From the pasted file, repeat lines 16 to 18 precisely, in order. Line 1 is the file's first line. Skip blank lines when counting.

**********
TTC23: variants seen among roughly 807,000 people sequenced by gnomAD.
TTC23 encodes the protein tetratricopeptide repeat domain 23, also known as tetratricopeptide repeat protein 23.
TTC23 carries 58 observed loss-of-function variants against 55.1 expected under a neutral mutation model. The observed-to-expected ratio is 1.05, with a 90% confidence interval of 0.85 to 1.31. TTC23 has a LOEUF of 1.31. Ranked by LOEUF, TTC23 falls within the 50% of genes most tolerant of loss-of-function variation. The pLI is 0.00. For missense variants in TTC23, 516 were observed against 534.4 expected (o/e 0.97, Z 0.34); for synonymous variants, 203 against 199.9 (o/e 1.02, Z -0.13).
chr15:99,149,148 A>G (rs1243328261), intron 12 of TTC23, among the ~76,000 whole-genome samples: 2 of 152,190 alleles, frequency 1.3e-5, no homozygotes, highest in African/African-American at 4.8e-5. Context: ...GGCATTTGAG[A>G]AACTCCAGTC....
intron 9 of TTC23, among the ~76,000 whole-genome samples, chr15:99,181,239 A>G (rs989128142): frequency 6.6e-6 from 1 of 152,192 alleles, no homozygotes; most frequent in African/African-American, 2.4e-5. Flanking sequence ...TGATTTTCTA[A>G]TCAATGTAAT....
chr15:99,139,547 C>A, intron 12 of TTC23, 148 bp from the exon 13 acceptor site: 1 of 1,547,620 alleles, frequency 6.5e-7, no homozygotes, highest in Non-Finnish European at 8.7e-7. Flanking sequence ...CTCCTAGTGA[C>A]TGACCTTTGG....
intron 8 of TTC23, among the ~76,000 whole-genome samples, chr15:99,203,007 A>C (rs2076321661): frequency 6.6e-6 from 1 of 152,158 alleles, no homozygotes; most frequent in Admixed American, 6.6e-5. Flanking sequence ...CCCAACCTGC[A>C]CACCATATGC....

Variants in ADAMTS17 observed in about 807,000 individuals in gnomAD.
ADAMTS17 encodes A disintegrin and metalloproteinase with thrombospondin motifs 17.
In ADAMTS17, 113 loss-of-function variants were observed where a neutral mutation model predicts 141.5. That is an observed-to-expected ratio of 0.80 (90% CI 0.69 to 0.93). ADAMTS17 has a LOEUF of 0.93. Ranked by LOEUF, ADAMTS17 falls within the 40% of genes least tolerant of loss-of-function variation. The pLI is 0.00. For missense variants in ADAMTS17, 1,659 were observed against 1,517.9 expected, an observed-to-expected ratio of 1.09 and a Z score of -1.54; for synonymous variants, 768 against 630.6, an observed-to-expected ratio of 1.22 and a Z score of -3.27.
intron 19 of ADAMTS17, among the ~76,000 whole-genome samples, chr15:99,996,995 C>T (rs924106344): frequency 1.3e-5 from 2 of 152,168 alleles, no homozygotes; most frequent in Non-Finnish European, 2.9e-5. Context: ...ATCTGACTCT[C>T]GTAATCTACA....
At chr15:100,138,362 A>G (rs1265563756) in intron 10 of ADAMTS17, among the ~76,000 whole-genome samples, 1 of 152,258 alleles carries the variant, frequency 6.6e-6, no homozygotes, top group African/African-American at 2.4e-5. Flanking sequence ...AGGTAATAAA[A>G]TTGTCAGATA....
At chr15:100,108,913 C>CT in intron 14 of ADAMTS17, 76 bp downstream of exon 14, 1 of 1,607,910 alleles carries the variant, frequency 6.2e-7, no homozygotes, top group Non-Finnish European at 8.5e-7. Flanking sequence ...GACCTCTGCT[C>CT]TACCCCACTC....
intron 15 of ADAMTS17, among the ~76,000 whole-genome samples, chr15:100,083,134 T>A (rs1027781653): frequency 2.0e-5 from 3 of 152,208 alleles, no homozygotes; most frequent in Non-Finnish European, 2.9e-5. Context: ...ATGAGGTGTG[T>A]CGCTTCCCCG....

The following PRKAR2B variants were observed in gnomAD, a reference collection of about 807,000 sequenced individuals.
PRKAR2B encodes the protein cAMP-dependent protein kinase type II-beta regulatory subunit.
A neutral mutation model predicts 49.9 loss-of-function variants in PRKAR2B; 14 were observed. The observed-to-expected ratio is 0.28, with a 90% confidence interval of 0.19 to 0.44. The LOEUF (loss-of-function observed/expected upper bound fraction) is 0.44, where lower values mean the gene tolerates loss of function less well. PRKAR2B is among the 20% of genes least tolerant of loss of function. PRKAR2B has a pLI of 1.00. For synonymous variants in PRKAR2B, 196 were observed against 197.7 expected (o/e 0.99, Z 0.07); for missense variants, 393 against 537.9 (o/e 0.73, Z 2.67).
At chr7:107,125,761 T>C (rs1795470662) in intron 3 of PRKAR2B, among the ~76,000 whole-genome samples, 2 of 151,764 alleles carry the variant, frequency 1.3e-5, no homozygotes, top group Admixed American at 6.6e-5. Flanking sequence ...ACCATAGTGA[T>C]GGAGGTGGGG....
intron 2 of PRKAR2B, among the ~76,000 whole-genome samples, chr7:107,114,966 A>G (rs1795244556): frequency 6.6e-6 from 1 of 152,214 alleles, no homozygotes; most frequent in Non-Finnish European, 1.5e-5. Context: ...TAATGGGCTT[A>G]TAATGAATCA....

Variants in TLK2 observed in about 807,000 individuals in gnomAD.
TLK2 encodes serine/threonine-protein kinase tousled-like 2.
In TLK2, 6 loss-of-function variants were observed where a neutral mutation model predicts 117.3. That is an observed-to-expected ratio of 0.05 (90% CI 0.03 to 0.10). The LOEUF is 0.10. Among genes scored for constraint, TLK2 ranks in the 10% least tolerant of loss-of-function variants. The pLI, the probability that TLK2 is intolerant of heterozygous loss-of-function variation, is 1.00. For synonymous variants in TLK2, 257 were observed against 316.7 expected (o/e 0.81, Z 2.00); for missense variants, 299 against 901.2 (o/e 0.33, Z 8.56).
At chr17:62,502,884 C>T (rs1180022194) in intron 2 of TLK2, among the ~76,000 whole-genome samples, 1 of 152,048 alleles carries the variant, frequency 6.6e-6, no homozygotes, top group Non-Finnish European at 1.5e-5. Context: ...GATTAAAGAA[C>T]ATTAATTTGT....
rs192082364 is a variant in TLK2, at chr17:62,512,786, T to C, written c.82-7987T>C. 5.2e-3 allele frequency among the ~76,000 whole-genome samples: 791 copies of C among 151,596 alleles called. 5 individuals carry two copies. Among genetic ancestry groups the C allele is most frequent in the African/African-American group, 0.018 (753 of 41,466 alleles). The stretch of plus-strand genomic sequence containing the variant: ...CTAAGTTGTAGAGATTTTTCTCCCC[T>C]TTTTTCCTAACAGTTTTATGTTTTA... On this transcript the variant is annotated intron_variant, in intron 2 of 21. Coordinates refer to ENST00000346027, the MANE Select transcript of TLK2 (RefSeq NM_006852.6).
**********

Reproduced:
PRKAR2B encodes the protein cAMP-dependent protein kinase type II-beta regulatory subunit.
A neutral mutation model predicts 49.9 loss-of-function variants in PRKAR2B; 14 were observed. The observed-to-expected ratio is 0.28, with a 90% confidence interval of 0.19 to 0.44. The LOEUF (loss-of-function observed/expected upper bound fraction) is 0.44, where lower values mean the gene tolerates loss of function less well. PRKAR2B is among the 20% of genes least tolerant of loss of function. PRKAR2B has a pLI of 1.00. For synonymous variants in PRKAR2B, 196 were observed against 197.7 expected (o/e 0.99, Z 0.07); for missense variants, 393 against 537.9 (o/e 0.73, Z 2.67).
At chr7:107,125,761 T>C (rs1795470662) in intron 3 of PRKAR2B, among the ~76,000 whole-genome samples, 2 of 151,764 alleles carry the variant, frequency 1.3e-5, no homozygotes, top group Admixed American at 6.6e-5. Flanking sequence ...ACCATAGTGA[T>C]GGAGGTGGGG....